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Madeleine Keith

Portrait of Madeleine Keith

Esteemed professors, honored guests, graduates and my very dear friends. Congratulations. You’re here. And not a very long time from now, you will be an official alumnus of The University of Texas at Dallas. Give yourselves a hand.

Now, I know what you’re wondering and no, I am not going to quote Dr. Seuss’ Oh The Places You Will Go. In fact, there is likely not a folksy aphorism or word of advice out there that has not already been said by a J.K. Rowling or Lin-Manuel Miranda or Matthew McConaughey, or any number of individuals with wisdom and expertise far exceeding my own. The collective knowledge represented in this room today, by students and professors alike, makes me exceedingly aware that there is little I could speak about that you do not already know.

I’m not going to tell you, for instance, that life is hard and that success doesn’t come cheap. You know this. I have born witness to so many of you working two or even three jobs, sitting through numerous classes just to return home to do three more hours of homework for school the next day. I’ve seen you spend all night studying at the library, only getting up to grab an occasional midnight coffee or inhale some Pop-Tarts (because yes, that person having the meltdown at the table next to you was me). For many here today, completing this degree was by no means an easy task. And yet you persevered.

I’m not going to tell you that life is filled with incredible highs and inexplicable lows. I’ve laughed with you over Frito pies on Texas Day as we all put on our giant foam cowboy hats and collectively wondered just how many waivers we needed to sign for a chance to fall off the mechanical bull. I’ve sat in parking lot T and watched “La La Land” with you as we all furiously decorated our golf carts for homecoming. I’ve stood in awe with you as we witnessed the few, the proud, the chess team beat innumerable, gullible students blindfolded. And I’ve mourned with you as another brick was added to the reflecting pool to commemorate a Comet gone too soon. I’ve seen our brothers and sisters in Greek life lift each other up in the good times and the bad. I’ve sat at the Plinth as dozens of different student organizations championed various charities and causes, and sometimes just championed each other. So I’m not going to talk to you today about what many refer to as “real life.” Because I know you, and you have already lived it.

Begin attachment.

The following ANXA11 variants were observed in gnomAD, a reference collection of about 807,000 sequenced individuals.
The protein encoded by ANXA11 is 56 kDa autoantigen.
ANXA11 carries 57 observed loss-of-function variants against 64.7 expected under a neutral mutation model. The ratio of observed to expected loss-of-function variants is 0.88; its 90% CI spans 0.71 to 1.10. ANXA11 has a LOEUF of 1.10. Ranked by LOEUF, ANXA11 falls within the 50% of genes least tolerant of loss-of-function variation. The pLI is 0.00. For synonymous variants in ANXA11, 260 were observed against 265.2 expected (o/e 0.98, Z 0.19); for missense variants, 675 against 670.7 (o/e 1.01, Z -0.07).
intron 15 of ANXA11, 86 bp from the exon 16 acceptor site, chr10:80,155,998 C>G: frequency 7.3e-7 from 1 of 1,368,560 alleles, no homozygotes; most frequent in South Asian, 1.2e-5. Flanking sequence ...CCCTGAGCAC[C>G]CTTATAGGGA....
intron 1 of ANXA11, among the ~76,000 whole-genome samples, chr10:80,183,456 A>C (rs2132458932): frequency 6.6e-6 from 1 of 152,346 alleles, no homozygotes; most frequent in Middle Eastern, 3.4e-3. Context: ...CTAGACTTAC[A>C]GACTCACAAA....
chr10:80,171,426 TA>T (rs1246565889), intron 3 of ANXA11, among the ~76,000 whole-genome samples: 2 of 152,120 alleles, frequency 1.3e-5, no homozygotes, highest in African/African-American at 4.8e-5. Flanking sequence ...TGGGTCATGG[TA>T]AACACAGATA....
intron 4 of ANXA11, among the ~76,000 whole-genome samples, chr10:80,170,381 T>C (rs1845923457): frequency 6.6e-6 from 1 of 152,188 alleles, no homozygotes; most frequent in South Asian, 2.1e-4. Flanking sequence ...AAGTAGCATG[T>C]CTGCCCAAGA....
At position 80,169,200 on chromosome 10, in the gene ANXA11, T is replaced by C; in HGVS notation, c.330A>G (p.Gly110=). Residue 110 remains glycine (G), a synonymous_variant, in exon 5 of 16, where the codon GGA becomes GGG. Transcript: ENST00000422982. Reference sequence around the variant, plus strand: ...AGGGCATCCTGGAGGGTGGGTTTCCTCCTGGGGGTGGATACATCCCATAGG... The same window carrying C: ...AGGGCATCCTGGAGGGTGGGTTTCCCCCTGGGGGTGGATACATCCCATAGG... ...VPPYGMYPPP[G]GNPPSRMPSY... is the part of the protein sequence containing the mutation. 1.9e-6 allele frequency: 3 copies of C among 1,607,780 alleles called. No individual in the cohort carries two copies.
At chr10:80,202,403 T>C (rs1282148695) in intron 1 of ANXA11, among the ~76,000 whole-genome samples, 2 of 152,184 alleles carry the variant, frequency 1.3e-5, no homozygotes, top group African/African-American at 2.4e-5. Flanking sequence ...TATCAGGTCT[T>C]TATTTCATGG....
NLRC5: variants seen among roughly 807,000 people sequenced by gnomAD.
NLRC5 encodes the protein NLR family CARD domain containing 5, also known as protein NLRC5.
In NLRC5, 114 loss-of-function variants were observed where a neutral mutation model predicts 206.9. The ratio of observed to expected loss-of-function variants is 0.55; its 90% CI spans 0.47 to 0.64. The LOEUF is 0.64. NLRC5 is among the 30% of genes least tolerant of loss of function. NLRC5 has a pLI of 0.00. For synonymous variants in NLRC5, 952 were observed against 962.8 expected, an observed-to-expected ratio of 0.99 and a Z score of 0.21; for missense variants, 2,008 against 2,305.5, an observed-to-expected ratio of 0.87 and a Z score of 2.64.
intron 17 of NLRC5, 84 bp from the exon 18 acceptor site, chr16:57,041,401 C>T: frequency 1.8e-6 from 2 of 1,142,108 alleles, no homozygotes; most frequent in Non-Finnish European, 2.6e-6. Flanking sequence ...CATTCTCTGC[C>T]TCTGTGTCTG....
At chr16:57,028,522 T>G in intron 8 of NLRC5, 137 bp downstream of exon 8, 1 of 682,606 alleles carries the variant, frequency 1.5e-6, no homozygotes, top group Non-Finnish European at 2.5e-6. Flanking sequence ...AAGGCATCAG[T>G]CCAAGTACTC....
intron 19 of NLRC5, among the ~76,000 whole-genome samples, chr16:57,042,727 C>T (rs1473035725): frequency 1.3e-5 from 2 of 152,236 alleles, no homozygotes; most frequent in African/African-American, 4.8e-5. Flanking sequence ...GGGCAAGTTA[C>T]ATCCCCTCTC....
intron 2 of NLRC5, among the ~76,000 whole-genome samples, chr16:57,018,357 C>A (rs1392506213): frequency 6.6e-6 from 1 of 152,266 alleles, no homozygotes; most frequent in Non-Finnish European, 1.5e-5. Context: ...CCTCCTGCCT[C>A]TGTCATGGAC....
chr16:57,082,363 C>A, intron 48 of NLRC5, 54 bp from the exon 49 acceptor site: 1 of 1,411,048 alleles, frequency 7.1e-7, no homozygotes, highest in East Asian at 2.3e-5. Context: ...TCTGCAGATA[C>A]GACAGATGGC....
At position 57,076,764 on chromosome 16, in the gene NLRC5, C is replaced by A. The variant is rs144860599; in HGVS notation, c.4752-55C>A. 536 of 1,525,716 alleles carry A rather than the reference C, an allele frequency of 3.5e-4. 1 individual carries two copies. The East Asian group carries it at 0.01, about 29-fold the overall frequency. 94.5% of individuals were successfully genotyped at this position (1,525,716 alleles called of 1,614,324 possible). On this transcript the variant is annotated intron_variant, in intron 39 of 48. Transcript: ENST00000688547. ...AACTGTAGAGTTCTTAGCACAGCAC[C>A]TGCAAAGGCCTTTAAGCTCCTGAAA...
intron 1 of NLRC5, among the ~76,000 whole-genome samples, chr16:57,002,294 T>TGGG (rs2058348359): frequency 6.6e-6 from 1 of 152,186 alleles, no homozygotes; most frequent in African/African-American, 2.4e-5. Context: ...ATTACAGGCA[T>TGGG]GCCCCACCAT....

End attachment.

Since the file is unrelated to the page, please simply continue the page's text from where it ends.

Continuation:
“It is my hope today that whatever you do in this life, from this day forward, you act in the spirit of service, in the spirit of kindness, in the spirit of showing up. For it is in the little ways in which we serve each other every day that we truly begin to change this world for the better.”